Hong Kong, one of the densest population centers in the world, with only 30 square miles and home to more than a million people, is in the midst of a crisis: where to put the dead?
As the population grows older and there are more deaths per year, space is at a premium, reports the Associated Press.
Back in the ’60s, facing a similar space problem, the government encouraged cremation over traditional burial. Over the last 50 years, the cremation rate has reached 90%.
Now depositories for the dead’s ashes, known as columbaria, are themselves running out of room. While some Hong Kong residents have gone the route of spreading ashes in public parks and the seaside, the mainstream custom is to have a physical place to visit their ancestors.
This is particularly important on special holidays, where family members bring money, food and other offerings to their burial site.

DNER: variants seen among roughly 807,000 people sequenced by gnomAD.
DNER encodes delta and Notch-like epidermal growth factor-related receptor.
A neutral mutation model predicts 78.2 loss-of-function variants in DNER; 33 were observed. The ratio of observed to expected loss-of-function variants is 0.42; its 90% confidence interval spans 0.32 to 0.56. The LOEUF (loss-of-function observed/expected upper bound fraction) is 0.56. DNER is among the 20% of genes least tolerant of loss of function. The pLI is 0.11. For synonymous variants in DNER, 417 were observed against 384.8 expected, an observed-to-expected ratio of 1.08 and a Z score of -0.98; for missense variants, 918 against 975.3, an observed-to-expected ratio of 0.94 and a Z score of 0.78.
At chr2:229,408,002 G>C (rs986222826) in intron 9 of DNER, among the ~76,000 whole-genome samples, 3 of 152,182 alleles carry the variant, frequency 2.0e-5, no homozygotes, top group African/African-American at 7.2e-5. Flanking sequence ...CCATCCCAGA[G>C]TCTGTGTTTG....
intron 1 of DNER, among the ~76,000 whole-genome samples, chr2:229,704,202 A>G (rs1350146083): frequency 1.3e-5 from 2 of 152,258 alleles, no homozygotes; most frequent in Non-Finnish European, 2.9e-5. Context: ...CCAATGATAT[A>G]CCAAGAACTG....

To alleviate the problem, both the private and public organizations are offering novel ways for families to pay respects. The government has set up a memorial website, where families can leave virtual offerings.
Meanwhile, a laboratory has been able, through intense heat, to turn the remains of loved ones into gemstones that families can keep at home or even wear as jewelry.